Like many people out there in Internetland, I get several news feeds, but, one of my favorites is one that sends me Blue posts from Blizzard developers. Buried within one of the posts over the weekend was this juicy little tidbit:
Now Naxx was designed to be easy, and Ulduar isn't going to be alot
harder. Hard modes on the bosses though are designed to be very hard.
I'll be honest here. I really, reallly, really hoped that this next tier of raiding would actually bring out some challenges. Specifically, I wished that Ulduar would have encounters that would force individual players to get better or encounters that really punish players who have developed bad habits, because the last 9 months have been nothing but an AOE faceroll fest.
I had a pretty good discussion with a raider friend last night with regards to the concept of Progression raiding and WoW's history. The interesting part of this conversation is that this friend jumped into WoW right as TBC was ending, so the only raiding that raider friend had experienced was what I consider the bastardized version of WoW raiding: AOEing mobs down, no focus fire on adds, no CC's, and no penalties for plain being in the wrong place or doing the wrong thing.
The closest comparison, when trying to explain pre-Boss nerf TBC and Classic raiding, was to say, "It's was like doing a Heroic 5 man a few days after hitting 80. You have to CC, you have watch your mana, and you have to pray everyone does their role properly", and even then, I don't think my description conveyed the gut sense of what I was trying to get across because even now, in the first tier of LK raiding, no one uses cc in Heroics. First tier! We're not even at the equivalent of SSC/TK/ZA yet!
So what am I really trying to get at?
Upon reading that above quote, I felt like Blizzard was sucking all the uniqueness out of being a raider. Yes, I realize that millions of people play this game and millions of people raid every day so being a raider isn't unique in the sense of actually being one of a kind. However, in past years, clearing middle tier raid content started to separate the wheat from the chaff. Having the guild organization and the dedication to complete such content was special and was reasonably unique. It meant you were above being a UBRS/Kara guild, and those of us who have been around that long, know the drudgery of never moving up.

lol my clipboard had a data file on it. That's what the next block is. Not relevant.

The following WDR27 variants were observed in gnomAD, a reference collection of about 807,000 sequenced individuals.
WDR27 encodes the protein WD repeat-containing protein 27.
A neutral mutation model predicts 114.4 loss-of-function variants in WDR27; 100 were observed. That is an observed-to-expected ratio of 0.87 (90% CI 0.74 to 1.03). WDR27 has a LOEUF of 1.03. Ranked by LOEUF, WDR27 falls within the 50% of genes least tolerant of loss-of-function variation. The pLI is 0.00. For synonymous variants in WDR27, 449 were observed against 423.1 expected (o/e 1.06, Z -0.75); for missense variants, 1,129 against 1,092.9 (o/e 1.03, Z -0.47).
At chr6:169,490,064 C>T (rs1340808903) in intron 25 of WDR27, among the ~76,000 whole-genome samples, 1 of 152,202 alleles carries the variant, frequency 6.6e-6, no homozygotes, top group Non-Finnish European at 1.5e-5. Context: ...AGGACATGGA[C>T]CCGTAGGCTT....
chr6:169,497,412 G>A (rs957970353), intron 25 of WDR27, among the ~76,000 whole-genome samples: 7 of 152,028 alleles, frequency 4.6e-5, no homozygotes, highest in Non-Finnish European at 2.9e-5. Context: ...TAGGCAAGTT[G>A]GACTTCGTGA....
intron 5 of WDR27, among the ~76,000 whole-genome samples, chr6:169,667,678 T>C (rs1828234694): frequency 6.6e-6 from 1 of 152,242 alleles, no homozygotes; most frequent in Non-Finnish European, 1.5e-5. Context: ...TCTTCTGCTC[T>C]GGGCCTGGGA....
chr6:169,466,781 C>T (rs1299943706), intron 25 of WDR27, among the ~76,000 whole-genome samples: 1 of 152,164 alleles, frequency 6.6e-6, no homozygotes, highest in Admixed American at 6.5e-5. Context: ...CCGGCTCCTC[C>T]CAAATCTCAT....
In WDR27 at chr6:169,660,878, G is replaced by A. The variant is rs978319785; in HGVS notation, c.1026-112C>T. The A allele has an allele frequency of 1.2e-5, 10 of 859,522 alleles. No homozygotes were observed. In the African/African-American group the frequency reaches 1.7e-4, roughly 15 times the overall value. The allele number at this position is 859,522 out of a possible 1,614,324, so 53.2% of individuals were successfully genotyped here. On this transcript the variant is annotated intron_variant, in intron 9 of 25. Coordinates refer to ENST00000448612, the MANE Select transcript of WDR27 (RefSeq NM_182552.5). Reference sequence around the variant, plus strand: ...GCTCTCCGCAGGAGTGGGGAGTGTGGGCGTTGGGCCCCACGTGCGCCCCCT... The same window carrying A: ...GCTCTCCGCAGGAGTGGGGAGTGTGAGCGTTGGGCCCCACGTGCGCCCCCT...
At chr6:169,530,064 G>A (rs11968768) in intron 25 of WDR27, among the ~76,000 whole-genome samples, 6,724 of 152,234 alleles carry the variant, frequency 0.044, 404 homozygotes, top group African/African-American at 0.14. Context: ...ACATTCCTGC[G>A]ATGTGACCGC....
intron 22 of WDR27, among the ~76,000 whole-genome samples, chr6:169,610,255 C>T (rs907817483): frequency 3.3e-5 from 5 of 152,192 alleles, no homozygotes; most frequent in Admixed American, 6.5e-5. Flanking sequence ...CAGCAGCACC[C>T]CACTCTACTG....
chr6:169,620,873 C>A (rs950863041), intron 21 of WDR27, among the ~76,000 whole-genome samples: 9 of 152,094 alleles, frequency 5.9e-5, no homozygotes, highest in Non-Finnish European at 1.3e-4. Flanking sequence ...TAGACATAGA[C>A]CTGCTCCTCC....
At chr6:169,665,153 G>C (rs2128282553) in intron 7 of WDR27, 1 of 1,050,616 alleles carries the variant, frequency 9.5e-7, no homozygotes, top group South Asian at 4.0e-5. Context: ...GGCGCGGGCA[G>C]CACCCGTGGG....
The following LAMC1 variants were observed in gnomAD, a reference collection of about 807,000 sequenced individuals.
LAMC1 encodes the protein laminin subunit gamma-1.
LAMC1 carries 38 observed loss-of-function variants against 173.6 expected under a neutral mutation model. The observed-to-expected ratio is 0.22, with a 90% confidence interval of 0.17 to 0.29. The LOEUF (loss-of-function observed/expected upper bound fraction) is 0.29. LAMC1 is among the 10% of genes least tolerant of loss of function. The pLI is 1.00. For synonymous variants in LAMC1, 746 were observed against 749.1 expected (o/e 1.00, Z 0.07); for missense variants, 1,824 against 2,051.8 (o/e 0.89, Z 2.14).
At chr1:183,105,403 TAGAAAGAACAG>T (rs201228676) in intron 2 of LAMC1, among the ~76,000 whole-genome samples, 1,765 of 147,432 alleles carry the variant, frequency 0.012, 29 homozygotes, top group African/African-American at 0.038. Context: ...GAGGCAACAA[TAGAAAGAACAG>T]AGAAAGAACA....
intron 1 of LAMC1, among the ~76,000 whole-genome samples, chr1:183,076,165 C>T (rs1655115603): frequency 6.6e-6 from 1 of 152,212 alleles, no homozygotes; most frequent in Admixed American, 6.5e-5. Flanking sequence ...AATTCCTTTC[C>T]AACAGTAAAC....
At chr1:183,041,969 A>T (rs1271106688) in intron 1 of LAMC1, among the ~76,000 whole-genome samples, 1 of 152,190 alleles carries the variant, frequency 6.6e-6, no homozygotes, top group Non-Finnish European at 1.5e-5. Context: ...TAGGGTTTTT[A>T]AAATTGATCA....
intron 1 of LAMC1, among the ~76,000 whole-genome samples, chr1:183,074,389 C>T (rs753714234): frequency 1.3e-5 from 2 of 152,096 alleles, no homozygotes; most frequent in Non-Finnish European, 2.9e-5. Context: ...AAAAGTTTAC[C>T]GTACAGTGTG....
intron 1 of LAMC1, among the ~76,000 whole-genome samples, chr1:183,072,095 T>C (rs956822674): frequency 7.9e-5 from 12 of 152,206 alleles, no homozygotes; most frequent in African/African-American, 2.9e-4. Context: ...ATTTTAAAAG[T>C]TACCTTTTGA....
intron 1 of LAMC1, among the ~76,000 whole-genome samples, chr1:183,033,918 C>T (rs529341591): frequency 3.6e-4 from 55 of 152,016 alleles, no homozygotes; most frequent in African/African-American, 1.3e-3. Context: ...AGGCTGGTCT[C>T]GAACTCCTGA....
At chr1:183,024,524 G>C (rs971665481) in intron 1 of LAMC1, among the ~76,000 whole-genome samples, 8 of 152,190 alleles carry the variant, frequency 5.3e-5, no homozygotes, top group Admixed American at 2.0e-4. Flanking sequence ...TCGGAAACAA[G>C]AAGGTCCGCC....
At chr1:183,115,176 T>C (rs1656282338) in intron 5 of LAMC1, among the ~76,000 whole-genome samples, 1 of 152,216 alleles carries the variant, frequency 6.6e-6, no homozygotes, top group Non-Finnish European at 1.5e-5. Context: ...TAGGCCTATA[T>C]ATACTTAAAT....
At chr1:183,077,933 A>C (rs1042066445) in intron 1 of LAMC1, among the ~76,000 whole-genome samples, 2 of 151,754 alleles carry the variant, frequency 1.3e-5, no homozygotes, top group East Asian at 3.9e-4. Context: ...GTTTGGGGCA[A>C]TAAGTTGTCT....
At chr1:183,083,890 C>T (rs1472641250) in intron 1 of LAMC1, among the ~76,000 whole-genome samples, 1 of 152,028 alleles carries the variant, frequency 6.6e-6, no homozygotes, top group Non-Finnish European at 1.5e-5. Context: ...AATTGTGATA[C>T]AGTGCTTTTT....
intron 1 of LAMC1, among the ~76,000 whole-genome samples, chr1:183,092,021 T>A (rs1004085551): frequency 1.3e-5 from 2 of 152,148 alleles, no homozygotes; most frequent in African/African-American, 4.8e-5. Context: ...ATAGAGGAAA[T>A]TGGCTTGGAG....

The drudgery of being in blues did do something positive though, it forced people to become more social. Small groups of friends created small guild alliances to raid high level content, people went out of their way to get to know others so that they could get raid invites if a more organized guild had openings in the runs, and being in a guild was a pretty big goal for everyone. Right now, on most servers, you can pug everything. You don't have to know anyone. You don't have to have many contacts. You don't have to be in a guild.
I often proclaimed in TBC, when I ran a guild, that "the real challenge to raiding didn't have anything to do with raiding". The real challenge was organizing 30+ people to move in the same direction instead of like 30 retarded lemmings, each following no one off a cliff. I found through trial and error that one way to bring people together is to have a group goal. Something people can get excited about. Raid bosses tend to bring that out in people, especially if they can't win the encounter through faceroll, because motivated players will take it upon their selves to work as a group to 'solve' the issues as to why they're not succeeding.
I may be jumping the gun in a big way here, but when a developer says that the new content won't be much harder, I see a lost opportunity for guild unity and more of a 'gravy train for epics' for a bunch of strangers.
Is there a PvP bent to this? You know me. Of course there is.
When PvE content becomes too easy, two things happen: 1) casual players avoid PvP. If its easier to get phat lewtz from pugging Naxx, they'll do it. 2) Since everyone is an End Game Raider, PvP burst damage becomes much harder to manage and PvP specific gear becomes much harder to itemize. Imagine that you're back in the second week of Season 3 and every Rogue you fight has Warglaives. That's what it's been like to fight vs many teams earlier this season.
I can't say I agree with this decision to tune Ulduar so that it "isn't going to be alot harder", but we'll see just how much of that ends up being true.